Cape resident in dispute over city regulations on fences

Tuesday, November 11, 2003

Stan Wicks fenced off his swimming pool for privacy. But Cape Girardeau city zoning regulations could force him to take down the two fences that he spent over $8,000 erecting.

One is a 5-foot, white vinyl fence, and the other is a 6-foot, wooden fence that sits on his swimming pool deck built just behind the white fence.

City officials say the two fences resemble one tall wall, far exceeding the 6-foot height allowed for fences in residential neighborhoods. In addition, the two fences extend past the front of his house at 121 N. West End Blvd. in violation of city zoning laws.

Robb McClary, director of the city's inspection services, said regulations require front-yard fences to be decorative -- there must be space between the slats or bars -- and no taller than 3 feet.

But Wicks said he really has two front yards because his house sits at the corner of West End Boulevard and Themis.

Wicks questions the city regulations, which make little sense to him. "It is kind of goofy," said Wicks, who ran unsuccessfully for state representative in 2000 and mayor in 2002.

Wicks requested a variance, but the city's five-member board of adjustment refused to approve it Thursday. Wicks said he plans to appeal the board's action, a move that will require him to take his case to circuit court.

He owns a general maintenance company and said he and his wife have spent thousands of dollars fixing up their 102-year-old house, installing a swimming pool and fencing off part of their yard.

Wicks said city inspectors approved the placement of the above-ground pool in the summer of 2001 but never told him about the fence regulations.

Had he known, Wicks said, he would have moved the pool back so the two fences wouldn't infringe on the front yard. Wicks said the vinyl fence was erected about two years ago. The deck fence went up this summer.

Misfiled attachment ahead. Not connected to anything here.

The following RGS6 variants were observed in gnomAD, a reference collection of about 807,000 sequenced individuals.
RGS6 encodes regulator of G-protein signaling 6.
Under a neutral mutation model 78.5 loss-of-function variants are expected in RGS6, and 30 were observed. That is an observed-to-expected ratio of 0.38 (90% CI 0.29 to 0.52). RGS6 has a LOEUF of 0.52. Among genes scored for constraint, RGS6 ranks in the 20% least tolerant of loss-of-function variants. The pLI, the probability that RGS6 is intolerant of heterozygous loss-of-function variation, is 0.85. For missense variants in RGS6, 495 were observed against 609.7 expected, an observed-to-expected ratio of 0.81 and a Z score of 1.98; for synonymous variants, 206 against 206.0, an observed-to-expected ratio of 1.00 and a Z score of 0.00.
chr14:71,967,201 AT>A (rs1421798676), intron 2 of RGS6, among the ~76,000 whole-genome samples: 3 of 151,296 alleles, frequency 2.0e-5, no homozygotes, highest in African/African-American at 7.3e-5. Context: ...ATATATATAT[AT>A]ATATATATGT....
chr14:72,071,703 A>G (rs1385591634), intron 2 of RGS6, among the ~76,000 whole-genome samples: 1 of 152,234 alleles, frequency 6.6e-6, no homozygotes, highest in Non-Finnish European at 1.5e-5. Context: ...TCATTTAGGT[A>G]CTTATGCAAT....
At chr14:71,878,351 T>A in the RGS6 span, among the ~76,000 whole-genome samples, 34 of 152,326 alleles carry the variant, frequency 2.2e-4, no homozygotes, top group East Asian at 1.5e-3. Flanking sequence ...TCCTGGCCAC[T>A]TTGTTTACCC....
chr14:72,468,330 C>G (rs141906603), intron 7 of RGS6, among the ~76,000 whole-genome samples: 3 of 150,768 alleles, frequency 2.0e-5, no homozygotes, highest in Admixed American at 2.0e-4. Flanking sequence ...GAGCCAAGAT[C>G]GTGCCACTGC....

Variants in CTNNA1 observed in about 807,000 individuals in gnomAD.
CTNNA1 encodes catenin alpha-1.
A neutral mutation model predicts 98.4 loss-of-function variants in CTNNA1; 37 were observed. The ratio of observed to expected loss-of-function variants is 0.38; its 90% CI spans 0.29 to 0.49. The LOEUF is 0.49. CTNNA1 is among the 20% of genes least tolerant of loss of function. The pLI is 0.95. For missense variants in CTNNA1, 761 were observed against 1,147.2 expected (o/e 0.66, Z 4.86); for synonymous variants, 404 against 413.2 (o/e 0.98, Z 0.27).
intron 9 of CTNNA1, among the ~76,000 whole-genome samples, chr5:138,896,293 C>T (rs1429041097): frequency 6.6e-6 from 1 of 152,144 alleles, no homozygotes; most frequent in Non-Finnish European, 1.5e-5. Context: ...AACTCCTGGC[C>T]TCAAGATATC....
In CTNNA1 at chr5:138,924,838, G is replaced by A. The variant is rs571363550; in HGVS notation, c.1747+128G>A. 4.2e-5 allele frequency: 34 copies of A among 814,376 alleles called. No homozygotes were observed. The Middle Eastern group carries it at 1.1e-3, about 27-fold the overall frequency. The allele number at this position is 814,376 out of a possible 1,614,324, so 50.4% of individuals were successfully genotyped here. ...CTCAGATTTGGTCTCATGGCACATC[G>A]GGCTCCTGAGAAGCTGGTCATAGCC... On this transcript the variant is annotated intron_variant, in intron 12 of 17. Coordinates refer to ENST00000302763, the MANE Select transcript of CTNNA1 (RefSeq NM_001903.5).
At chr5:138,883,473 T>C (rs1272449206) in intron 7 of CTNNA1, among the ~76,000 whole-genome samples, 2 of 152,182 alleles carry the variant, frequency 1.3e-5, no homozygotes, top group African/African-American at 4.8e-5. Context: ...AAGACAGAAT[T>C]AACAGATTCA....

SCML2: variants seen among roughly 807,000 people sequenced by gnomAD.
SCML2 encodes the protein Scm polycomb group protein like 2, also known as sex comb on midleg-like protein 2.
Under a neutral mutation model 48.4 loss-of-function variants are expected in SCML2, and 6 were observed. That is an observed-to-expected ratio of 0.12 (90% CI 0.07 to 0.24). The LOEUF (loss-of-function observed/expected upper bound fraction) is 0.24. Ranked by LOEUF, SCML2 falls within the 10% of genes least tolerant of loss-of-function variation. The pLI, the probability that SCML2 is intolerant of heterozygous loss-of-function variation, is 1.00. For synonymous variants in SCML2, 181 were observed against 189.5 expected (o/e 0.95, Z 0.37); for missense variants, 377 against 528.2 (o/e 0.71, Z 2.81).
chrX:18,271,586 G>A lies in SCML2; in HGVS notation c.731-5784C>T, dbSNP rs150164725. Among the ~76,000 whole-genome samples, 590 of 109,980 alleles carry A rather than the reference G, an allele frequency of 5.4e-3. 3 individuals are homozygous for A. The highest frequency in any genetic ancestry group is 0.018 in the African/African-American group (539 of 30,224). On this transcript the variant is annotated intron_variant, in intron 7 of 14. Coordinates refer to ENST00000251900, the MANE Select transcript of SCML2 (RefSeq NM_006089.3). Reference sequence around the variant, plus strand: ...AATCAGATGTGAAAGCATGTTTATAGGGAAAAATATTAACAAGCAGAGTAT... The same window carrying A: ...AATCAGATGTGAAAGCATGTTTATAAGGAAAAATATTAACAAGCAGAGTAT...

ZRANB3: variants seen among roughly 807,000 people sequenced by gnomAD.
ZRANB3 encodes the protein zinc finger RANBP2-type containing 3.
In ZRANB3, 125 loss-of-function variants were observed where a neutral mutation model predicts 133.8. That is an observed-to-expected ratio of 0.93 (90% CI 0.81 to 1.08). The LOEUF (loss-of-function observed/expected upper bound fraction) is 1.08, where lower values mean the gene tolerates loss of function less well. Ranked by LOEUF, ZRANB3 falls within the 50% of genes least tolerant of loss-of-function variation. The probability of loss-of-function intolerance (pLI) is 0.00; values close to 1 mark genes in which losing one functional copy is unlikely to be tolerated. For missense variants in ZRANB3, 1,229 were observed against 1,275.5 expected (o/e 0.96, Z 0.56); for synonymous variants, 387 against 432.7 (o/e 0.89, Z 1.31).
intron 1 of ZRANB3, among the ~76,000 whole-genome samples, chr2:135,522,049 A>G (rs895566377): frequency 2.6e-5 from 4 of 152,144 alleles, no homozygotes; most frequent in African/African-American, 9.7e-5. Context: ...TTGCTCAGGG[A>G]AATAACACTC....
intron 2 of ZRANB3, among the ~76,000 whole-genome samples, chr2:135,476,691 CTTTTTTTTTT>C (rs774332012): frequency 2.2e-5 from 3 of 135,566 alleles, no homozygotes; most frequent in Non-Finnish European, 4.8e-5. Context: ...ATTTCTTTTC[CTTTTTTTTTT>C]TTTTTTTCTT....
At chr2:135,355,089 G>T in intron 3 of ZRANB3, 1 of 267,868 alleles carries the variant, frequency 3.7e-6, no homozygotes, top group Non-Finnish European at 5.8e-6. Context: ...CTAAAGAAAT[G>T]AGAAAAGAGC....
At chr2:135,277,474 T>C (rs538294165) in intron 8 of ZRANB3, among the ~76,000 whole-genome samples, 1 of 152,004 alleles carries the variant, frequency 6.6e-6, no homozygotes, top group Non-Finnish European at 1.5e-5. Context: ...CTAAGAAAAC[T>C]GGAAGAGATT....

"Nobody ever mentioned there was an imaginary line I couldn't cross," Wicks said.

Anonymous complaint

McClary said the problem surfaced about two months ago as the result of an anonymous complaint.

Without a variance, Wicks would have to move back the fence line and lower the height of the fence to meet city regulations, McClary said.

The city, he said, doesn't want to prosecute Wicks in municipal court. If it came to that, Wicks could face a $500 fine and a 30-day jail sentence.

Violators typically are fined, McClary said.

Wicks knows the two fences combined extend up higher than a normal residential fence. But he said he should have the right to put up a privacy fence on his deck.

Without it, the deck is barely lower than the outer fence. Wicks said that would leave little privacy for him, his wife and daughters when they use the swimming pool. He also said it would be hard to move back the fences because of the short distance to the pool.

335-6611, extension 123

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